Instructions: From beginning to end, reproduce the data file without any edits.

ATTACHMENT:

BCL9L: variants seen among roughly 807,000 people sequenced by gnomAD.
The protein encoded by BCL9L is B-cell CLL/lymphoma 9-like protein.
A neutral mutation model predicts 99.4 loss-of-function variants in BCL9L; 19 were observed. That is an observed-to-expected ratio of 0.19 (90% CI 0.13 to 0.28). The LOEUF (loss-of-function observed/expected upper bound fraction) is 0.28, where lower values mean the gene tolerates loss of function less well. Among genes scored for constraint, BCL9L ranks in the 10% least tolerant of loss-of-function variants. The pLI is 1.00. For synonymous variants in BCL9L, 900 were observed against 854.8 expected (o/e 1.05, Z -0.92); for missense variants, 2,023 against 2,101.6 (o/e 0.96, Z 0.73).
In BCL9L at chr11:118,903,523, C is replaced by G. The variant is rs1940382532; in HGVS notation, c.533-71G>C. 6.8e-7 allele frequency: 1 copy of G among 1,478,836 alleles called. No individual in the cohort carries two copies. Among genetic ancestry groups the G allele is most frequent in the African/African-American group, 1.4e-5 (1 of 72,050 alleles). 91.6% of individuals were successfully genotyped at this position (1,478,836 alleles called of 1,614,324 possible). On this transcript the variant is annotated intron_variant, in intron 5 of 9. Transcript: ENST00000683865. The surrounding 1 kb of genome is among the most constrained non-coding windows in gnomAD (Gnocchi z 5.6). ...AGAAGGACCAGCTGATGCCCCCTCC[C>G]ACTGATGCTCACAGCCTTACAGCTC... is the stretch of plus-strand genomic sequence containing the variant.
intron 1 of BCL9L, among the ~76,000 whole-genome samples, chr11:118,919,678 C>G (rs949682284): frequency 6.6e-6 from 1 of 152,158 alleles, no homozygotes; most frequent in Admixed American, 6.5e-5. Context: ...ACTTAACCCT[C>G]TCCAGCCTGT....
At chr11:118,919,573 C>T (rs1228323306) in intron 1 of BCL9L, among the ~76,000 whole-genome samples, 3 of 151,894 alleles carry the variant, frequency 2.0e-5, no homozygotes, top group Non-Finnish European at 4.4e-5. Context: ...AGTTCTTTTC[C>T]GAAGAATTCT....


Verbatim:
BCL9L: variants seen among roughly 807,000 people sequenced by gnomAD.
The protein encoded by BCL9L is B-cell CLL/lymphoma 9-like protein.
A neutral mutation model predicts 99.4 loss-of-function variants in BCL9L; 19 were observed. That is an observed-to-expected ratio of 0.19 (90% CI 0.13 to 0.28). The LOEUF (loss-of-function observed/expected upper bound fraction) is 0.28, where lower values mean the gene tolerates loss of function less well. Among genes scored for constraint, BCL9L ranks in the 10% least tolerant of loss-of-function variants. The pLI is 1.00. For synonymous variants in BCL9L, 900 were observed against 854.8 expected (o/e 1.05, Z -0.92); for missense variants, 2,023 against 2,101.6 (o/e 0.96, Z 0.73).
In BCL9L at chr11:118,903,523, C is replaced by G. The variant is rs1940382532; in HGVS notation, c.533-71G>C. 6.8e-7 allele frequency: 1 copy of G among 1,478,836 alleles called. No individual in the cohort carries two copies. Among genetic ancestry groups the G allele is most frequent in the African/African-American group, 1.4e-5 (1 of 72,050 alleles). 91.6% of individuals were successfully genotyped at this position (1,478,836 alleles called of 1,614,324 possible). On this transcript the variant is annotated intron_variant, in intron 5 of 9. Transcript: ENST00000683865. The surrounding 1 kb of genome is among the most constrained non-coding windows in gnomAD (Gnocchi z 5.6). ...AGAAGGACCAGCTGATGCCCCCTCC[C>G]ACTGATGCTCACAGCCTTACAGCTC... is the stretch of plus-strand genomic sequence containing the variant.
intron 1 of BCL9L, among the ~76,000 whole-genome samples, chr11:118,919,678 C>G (rs949682284): frequency 6.6e-6 from 1 of 152,158 alleles, no homozygotes; most frequent in Admixed American, 6.5e-5. Context: ...ACTTAACCCT[C>G]TCCAGCCTGT....
At chr11:118,919,573 C>T (rs1228323306) in intron 1 of BCL9L, among the ~76,000 whole-genome samples, 3 of 151,894 alleles carry the variant, frequency 2.0e-5, no homozygotes, top group Non-Finnish European at 4.4e-5. Context: ...AGTTCTTTTC[C>T]GAAGAATTCT....